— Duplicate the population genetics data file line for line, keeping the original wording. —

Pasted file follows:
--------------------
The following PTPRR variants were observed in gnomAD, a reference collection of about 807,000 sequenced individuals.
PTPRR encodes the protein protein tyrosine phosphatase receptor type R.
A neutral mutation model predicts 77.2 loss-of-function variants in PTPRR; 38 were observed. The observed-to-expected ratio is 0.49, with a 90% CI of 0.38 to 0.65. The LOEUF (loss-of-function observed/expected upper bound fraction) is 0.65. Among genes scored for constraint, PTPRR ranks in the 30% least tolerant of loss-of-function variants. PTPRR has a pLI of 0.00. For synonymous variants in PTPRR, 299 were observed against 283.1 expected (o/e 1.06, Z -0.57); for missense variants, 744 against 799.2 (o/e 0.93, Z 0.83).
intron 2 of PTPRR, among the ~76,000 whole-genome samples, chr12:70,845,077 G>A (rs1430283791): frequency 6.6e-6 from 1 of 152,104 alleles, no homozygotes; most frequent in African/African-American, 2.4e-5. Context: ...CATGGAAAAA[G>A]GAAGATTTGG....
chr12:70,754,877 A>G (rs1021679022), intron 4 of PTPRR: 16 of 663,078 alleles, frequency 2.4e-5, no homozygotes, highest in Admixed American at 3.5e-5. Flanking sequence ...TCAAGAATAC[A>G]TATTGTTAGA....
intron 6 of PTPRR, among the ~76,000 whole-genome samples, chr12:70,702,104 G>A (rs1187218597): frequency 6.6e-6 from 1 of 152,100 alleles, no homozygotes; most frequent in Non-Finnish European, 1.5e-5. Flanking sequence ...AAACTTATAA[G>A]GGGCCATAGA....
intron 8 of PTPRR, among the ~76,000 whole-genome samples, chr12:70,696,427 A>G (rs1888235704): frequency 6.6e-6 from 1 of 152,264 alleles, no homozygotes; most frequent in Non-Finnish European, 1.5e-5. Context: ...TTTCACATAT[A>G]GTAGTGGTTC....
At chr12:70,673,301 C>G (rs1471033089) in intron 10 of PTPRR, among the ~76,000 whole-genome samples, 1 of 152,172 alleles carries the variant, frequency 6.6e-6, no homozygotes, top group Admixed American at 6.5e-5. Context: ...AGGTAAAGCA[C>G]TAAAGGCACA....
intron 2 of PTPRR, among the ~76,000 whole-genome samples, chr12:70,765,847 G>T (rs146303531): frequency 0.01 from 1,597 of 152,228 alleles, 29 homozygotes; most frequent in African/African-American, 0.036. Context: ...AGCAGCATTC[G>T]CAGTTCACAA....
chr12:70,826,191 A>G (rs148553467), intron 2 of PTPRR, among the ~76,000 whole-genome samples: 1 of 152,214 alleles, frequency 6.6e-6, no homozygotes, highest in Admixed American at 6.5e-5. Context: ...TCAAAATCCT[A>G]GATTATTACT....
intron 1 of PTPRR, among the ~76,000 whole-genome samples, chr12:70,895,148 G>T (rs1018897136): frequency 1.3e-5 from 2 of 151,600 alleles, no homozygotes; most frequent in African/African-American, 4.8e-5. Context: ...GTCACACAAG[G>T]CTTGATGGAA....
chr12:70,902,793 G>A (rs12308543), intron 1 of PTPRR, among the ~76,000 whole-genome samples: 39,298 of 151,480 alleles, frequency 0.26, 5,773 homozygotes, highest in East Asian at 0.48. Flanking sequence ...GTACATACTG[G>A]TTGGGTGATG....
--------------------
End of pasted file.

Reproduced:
The following PTPRR variants were observed in gnomAD, a reference collection of about 807,000 sequenced individuals.
PTPRR encodes the protein protein tyrosine phosphatase receptor type R.
A neutral mutation model predicts 77.2 loss-of-function variants in PTPRR; 38 were observed. The observed-to-expected ratio is 0.49, with a 90% CI of 0.38 to 0.65. The LOEUF (loss-of-function observed/expected upper bound fraction) is 0.65. Among genes scored for constraint, PTPRR ranks in the 30% least tolerant of loss-of-function variants. PTPRR has a pLI of 0.00. For synonymous variants in PTPRR, 299 were observed against 283.1 expected (o/e 1.06, Z -0.57); for missense variants, 744 against 799.2 (o/e 0.93, Z 0.83).
intron 2 of PTPRR, among the ~76,000 whole-genome samples, chr12:70,845,077 G>A (rs1430283791): frequency 6.6e-6 from 1 of 152,104 alleles, no homozygotes; most frequent in African/African-American, 2.4e-5. Context: ...CATGGAAAAA[G>A]GAAGATTTGG....
chr12:70,754,877 A>G (rs1021679022), intron 4 of PTPRR: 16 of 663,078 alleles, frequency 2.4e-5, no homozygotes, highest in Admixed American at 3.5e-5. Flanking sequence ...TCAAGAATAC[A>G]TATTGTTAGA....
intron 6 of PTPRR, among the ~76,000 whole-genome samples, chr12:70,702,104 G>A (rs1187218597): frequency 6.6e-6 from 1 of 152,100 alleles, no homozygotes; most frequent in Non-Finnish European, 1.5e-5. Flanking sequence ...AAACTTATAA[G>A]GGGCCATAGA....
intron 8 of PTPRR, among the ~76,000 whole-genome samples, chr12:70,696,427 A>G (rs1888235704): frequency 6.6e-6 from 1 of 152,264 alleles, no homozygotes; most frequent in Non-Finnish European, 1.5e-5. Context: ...TTTCACATAT[A>G]GTAGTGGTTC....
At chr12:70,673,301 C>G (rs1471033089) in intron 10 of PTPRR, among the ~76,000 whole-genome samples, 1 of 152,172 alleles carries the variant, frequency 6.6e-6, no homozygotes, top group Admixed American at 6.5e-5. Context: ...AGGTAAAGCA[C>G]TAAAGGCACA....
intron 2 of PTPRR, among the ~76,000 whole-genome samples, chr12:70,765,847 G>T (rs146303531): frequency 0.01 from 1,597 of 152,228 alleles, 29 homozygotes; most frequent in African/African-American, 0.036. Context: ...AGCAGCATTC[G>T]CAGTTCACAA....
chr12:70,826,191 A>G (rs148553467), intron 2 of PTPRR, among the ~76,000 whole-genome samples: 1 of 152,214 alleles, frequency 6.6e-6, no homozygotes, highest in Admixed American at 6.5e-5. Context: ...TCAAAATCCT[A>G]GATTATTACT....
intron 1 of PTPRR, among the ~76,000 whole-genome samples, chr12:70,895,148 G>T (rs1018897136): frequency 1.3e-5 from 2 of 151,600 alleles, no homozygotes; most frequent in African/African-American, 4.8e-5. Context: ...GTCACACAAG[G>T]CTTGATGGAA....
chr12:70,902,793 G>A (rs12308543), intron 1 of PTPRR, among the ~76,000 whole-genome samples: 39,298 of 151,480 alleles, frequency 0.26, 5,773 homozygotes, highest in East Asian at 0.48. Flanking sequence ...GTACATACTG[G>A]TTGGGTGATG....